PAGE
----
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Expreriences of speech therapy/referrals? (toddler DC)

(25 Posts)
larryphilanddave Wed 15-Oct-14 17:02:53

DC1 is 22mo and doesn't yet speak/regularly use words. I decided to take him to the Family Practitioner at our Children's Centre to find out about referrals for SALT as I've heard they can take quite a long time. The FP has referred him to the local SALT team and we've received a letter asking us to attend a special drop-in session in a few weeks to see a speech therapist, and then go from there. I was wondering if anyone could share their experiences of speech therapy/referrals? I don't know anyone who has taken their DC for these things and I'm just curious as to what others have done so all feedback is welcome!

I'll put some separate notes here as I found some old threads on speech and communication and people asked questions about other stuff, so I thought I'd include this below to try and save on drip feeding info smile

His development overall is seemingly fine and I think he understands things quite well. He understands when we tell him not to do things, for instance, or to come over to us, to be gentle, to get down, or if we invite him to play something, call his attention for food or a drink. He uses gestures and pointing mainly for communication (eg bringing his beaker when thirsty, his blanket when tired, pointing at the clips on the highchair or buggy to be let out) and he also shows us things by taking us by the hand or putting things in our hands and directing us as to what to do. He joins in and also anticipates gestures for when we're singing songs or reading a book, and his latest joy is bringing me a book, sitting next to me, and taking my hand to point at pictures. When I tell him what the picture/item is he gets all giggly and moves to another (I admit, I love this grin).

Speech-wise he has one main word, when he's very frustrated he will say, "No no no no no". Very occasionally if he's really desperate for something he will say, "Mum mum", or when playing calls for "Dad dad" or "Daddyyyyy", but these are rather more random. He makes a lot of noise (!) but mainly sounding out lots of different things, like 'Wuh, wa, wo, vuh, pfft, dee, guh, nuh, ba, ooh, ah'. He does a fair bit of squeaking alongside that. He doesn't sound like he's talking with it, mainly making noises, but when he wakes up in the morning or sometimes when falling asleep is when he 'talks' to himself, ie it sounds much more like a stream of words (albeit ones that don't make sense to us).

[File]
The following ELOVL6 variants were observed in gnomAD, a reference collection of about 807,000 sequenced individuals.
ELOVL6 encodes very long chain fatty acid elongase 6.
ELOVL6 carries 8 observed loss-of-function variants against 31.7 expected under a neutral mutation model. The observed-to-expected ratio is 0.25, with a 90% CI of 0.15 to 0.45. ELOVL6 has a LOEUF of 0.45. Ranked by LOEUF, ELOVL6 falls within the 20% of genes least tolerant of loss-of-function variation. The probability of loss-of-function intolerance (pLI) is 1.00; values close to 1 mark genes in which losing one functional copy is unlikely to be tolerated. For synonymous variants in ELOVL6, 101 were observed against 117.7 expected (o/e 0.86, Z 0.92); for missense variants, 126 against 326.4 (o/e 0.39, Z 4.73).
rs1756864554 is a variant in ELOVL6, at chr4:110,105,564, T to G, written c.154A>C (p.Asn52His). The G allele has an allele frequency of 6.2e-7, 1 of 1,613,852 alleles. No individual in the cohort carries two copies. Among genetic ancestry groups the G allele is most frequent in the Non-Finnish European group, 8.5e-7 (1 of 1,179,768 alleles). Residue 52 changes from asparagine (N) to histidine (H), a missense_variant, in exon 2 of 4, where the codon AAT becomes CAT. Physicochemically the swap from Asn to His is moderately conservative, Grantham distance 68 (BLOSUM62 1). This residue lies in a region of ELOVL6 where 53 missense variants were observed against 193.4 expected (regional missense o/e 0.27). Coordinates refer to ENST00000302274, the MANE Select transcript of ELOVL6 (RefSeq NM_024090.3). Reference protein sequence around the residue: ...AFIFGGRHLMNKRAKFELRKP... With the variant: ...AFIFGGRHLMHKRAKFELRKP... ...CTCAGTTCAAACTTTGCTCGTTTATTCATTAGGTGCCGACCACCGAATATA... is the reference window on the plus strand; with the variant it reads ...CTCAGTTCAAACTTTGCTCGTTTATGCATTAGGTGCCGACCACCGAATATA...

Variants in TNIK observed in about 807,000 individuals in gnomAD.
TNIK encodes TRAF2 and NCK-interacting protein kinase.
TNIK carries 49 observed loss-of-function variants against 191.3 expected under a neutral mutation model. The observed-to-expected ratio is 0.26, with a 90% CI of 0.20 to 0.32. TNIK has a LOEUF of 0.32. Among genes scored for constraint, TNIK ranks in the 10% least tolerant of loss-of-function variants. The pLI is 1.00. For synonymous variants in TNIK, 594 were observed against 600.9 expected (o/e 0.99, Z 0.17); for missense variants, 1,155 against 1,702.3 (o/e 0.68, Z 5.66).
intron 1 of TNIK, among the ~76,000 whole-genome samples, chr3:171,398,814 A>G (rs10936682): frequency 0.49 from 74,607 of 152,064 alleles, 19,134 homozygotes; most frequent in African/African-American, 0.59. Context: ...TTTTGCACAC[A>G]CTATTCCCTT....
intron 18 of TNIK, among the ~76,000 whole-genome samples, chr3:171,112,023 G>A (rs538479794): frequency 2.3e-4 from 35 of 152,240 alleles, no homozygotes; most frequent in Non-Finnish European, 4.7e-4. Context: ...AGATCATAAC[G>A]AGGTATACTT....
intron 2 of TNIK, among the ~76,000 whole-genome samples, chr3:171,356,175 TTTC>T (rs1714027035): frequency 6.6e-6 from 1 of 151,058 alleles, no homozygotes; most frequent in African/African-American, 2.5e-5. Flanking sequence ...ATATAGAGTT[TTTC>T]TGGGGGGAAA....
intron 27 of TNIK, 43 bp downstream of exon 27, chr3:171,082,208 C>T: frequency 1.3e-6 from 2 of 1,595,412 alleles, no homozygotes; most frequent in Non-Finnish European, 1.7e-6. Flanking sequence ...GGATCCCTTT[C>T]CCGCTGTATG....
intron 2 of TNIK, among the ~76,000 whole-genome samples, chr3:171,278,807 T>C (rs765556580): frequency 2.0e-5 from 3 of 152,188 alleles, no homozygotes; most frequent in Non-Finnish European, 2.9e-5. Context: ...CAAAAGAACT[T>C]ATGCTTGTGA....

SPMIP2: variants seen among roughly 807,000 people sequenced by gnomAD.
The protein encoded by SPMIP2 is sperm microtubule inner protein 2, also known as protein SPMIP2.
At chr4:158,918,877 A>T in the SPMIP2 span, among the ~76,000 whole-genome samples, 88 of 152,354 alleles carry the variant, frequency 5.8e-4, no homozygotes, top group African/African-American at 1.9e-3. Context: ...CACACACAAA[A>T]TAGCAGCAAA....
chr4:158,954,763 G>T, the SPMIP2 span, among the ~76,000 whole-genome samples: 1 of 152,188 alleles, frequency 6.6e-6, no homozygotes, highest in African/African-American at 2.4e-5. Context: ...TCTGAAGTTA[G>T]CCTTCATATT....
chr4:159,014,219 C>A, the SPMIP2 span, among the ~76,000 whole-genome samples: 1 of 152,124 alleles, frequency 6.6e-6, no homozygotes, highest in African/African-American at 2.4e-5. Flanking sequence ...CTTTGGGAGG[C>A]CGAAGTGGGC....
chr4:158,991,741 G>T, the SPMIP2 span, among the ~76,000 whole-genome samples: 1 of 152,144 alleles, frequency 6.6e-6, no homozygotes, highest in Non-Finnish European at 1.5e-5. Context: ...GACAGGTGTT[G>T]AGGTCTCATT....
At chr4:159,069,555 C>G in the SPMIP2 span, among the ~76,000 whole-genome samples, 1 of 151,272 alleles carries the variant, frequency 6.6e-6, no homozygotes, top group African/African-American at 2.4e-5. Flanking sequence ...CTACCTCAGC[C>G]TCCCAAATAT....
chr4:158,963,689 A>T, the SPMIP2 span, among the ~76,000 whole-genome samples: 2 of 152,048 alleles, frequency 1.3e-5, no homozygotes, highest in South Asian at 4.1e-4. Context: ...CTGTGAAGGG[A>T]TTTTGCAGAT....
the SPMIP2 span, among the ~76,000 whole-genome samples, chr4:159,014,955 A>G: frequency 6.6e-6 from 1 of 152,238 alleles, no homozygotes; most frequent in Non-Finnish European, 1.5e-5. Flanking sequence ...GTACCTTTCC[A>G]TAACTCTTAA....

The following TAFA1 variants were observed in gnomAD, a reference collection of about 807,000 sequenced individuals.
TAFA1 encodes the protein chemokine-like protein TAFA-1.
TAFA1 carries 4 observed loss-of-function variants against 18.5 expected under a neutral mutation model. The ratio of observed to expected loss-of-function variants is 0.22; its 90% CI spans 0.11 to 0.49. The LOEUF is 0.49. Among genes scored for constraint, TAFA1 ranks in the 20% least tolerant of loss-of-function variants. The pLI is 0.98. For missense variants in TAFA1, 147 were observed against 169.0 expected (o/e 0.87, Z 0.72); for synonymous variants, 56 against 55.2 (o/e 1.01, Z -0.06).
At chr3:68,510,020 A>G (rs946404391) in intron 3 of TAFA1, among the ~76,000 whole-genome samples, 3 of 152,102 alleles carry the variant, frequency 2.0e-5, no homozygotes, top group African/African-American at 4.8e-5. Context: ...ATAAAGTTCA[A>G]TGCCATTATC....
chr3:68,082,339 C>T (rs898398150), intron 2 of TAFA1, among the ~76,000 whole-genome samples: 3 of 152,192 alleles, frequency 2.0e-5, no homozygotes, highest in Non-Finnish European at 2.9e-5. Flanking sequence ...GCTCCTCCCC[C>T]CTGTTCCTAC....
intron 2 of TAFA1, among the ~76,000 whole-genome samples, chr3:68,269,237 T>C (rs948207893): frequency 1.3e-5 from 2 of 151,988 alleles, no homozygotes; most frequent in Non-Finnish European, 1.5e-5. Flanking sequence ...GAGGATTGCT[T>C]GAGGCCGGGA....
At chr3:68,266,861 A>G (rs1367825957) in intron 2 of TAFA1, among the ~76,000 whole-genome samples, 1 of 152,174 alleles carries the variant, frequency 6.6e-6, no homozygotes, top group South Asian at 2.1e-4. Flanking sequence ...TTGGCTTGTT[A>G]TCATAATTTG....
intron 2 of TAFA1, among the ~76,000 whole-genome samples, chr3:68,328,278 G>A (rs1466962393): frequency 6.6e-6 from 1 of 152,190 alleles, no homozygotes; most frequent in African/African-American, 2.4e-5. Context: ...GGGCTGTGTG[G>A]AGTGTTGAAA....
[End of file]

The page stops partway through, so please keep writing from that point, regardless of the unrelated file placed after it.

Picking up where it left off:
Jellyandjam Wed 15-Oct-14 17:30:09

My DS is now five and had speech therapy from being just turned four up until around April this year.
We raised concerns at his two year check but were told to wait as his understanding was good so they would not be concerned yet- so the first thing to say is it's great you are getting referred early as you say it can tak a long time.
He was a bit like your DS sounds as in he could understand and follow instructions and would 'talk' all the time but you couldn't make out any words as such. (Incidentally we now know that to him these sounds were actually words which he was just unable to articulate properly at the time- e.g. He used to say ne- ee for his blankie, we always assumed it was his name for it or something but we his now that in his mind he was actually saying blankie!)
Anyway we went back after no real improvements and he was referred at about 3.5 but not seen until just after he was four. The first sessions he had were group sessions which the parents were not allowed into so can't really say much about them other than he didn't seem to make much improvement if I'm honest!